Wednesday, January 27, 2010
Fat Men In Skirts - by Nicky Silver
The earliest of the published plays, and it feels it, very raw, loud when it wants to be, little restraint - working exactly right for this play's brutal cri d'couer.
I'm interested in Silver's structures. Each of these plays contains itself in minimal acts and scenes with a clear this then this logic to them. In Fat Men In Skirts this means three acts. The first act, set on a deserted Island where Phyllis and Bishop have survived a plane crash. Five years pass on this island, some flashbacks - and shifts to present day - introduce Norton, Husband & Father & Philanderer, and his developing relationship with Pam who, by the end of the act is pregnant. Phyllis and Bishop cannibalize those killed in the crash and the act ends with the final transgression, of Bishop raping his mother.
Move to Act 2 and Phyllis and Bishop have been rescued and returned home to Barton. Phyllis is shattered and Bishop a nightmare of a teen-ager, abusive to all and bringing his mother single shoes in a sort of tribute. Barton tries to maintain something, Pam is around, posing as the maid so as not to raise suspicions. Horror ensues to end the act as Bishop continues the customs of the island in this nice upper-middle class home.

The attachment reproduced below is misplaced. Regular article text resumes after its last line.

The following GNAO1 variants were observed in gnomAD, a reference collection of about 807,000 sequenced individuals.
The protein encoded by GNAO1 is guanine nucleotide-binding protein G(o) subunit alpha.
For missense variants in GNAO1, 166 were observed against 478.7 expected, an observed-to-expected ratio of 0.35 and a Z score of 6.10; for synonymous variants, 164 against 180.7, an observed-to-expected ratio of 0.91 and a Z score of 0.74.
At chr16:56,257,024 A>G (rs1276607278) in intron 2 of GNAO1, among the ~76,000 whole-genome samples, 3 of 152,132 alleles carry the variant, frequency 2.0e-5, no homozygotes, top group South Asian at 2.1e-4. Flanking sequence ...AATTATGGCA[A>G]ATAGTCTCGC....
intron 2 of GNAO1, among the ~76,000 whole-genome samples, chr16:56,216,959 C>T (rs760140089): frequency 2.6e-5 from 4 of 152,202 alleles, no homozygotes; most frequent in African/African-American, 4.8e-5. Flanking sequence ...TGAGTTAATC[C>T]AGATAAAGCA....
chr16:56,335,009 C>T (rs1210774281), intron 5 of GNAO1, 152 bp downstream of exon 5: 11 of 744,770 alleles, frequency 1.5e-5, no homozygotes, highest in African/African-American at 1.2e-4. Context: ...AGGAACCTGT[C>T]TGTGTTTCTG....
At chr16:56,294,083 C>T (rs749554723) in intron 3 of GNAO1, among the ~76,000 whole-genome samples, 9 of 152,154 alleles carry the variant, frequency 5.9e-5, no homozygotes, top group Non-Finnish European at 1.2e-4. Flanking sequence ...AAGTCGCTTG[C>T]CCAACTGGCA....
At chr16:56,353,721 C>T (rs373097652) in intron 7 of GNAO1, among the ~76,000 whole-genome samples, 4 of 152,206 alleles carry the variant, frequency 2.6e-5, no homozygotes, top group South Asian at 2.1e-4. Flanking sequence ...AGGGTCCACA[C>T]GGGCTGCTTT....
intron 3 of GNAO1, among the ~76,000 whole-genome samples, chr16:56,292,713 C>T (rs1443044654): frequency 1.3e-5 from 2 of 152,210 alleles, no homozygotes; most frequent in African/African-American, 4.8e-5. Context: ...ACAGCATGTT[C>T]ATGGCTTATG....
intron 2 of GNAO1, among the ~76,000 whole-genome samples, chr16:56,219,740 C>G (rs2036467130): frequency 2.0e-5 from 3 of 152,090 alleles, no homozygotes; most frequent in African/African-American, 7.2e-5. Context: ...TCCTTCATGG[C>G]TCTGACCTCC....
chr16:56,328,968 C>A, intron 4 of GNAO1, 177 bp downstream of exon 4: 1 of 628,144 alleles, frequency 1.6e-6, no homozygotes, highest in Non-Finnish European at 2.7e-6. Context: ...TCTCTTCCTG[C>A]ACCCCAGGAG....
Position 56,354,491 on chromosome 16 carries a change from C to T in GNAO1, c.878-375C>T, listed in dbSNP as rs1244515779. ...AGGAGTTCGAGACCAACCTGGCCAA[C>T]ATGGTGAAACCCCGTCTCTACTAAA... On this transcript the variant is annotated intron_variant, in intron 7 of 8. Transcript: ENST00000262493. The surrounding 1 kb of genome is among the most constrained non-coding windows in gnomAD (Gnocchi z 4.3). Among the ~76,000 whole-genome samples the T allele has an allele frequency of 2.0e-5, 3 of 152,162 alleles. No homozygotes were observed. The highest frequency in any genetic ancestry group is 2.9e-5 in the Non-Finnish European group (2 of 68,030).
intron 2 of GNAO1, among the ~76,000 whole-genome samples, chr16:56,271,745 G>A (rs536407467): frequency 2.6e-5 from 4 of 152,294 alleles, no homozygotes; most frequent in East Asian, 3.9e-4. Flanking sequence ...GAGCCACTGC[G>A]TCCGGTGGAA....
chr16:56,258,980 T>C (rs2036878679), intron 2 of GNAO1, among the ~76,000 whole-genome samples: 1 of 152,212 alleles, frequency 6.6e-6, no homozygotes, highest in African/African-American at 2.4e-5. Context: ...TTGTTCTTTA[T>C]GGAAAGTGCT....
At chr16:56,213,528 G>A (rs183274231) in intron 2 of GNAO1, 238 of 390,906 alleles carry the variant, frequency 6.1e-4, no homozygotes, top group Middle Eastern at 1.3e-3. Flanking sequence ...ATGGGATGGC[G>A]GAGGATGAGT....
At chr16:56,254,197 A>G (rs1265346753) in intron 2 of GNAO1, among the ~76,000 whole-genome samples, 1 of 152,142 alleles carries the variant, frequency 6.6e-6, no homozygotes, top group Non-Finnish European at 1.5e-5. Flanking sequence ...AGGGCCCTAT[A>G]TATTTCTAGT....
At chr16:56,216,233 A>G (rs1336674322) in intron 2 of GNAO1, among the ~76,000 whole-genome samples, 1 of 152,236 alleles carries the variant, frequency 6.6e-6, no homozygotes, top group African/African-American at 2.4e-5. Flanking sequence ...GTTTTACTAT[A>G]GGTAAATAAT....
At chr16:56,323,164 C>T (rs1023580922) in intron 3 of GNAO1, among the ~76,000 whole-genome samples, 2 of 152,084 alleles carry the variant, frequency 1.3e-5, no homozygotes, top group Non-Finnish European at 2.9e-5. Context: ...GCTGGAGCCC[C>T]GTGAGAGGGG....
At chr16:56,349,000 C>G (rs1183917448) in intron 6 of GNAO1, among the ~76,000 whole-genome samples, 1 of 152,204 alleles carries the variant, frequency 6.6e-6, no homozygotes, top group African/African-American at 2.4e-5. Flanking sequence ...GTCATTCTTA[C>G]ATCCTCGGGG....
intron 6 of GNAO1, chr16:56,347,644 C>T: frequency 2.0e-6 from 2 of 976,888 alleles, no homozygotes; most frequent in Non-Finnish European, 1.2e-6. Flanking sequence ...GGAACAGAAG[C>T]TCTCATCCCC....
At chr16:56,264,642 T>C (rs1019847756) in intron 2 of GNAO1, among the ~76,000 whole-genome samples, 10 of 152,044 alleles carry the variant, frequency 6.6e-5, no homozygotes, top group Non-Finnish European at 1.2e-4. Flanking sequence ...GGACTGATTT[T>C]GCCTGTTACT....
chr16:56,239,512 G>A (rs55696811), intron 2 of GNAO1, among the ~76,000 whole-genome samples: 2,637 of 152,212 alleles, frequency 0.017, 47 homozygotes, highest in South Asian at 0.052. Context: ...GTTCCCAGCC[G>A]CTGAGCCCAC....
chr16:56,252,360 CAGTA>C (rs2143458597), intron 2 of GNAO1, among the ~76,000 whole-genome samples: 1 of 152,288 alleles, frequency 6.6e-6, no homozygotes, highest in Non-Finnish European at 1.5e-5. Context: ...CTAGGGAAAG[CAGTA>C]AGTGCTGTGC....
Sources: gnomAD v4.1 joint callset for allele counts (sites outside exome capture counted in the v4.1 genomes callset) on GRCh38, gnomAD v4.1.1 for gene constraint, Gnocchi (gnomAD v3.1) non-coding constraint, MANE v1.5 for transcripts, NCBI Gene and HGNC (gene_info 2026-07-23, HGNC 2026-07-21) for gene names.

Finally Act 3 and Bishop is in a prison for the criminally insane. The dead return to speak and an inmate develops a crush on Bishop. Driving this scene is an interesting structural choice. He's killed his father at the end of Act 2. That was seen and was goaded on by his mother. But in Act 3 we learn that he's also killed Phyllis. The scene unfolds with no explanation of this - and at the final moment the characters from the asylum change on stage into Pam and Nestor (speaking from the dead) and the death is played out in conversation with them all.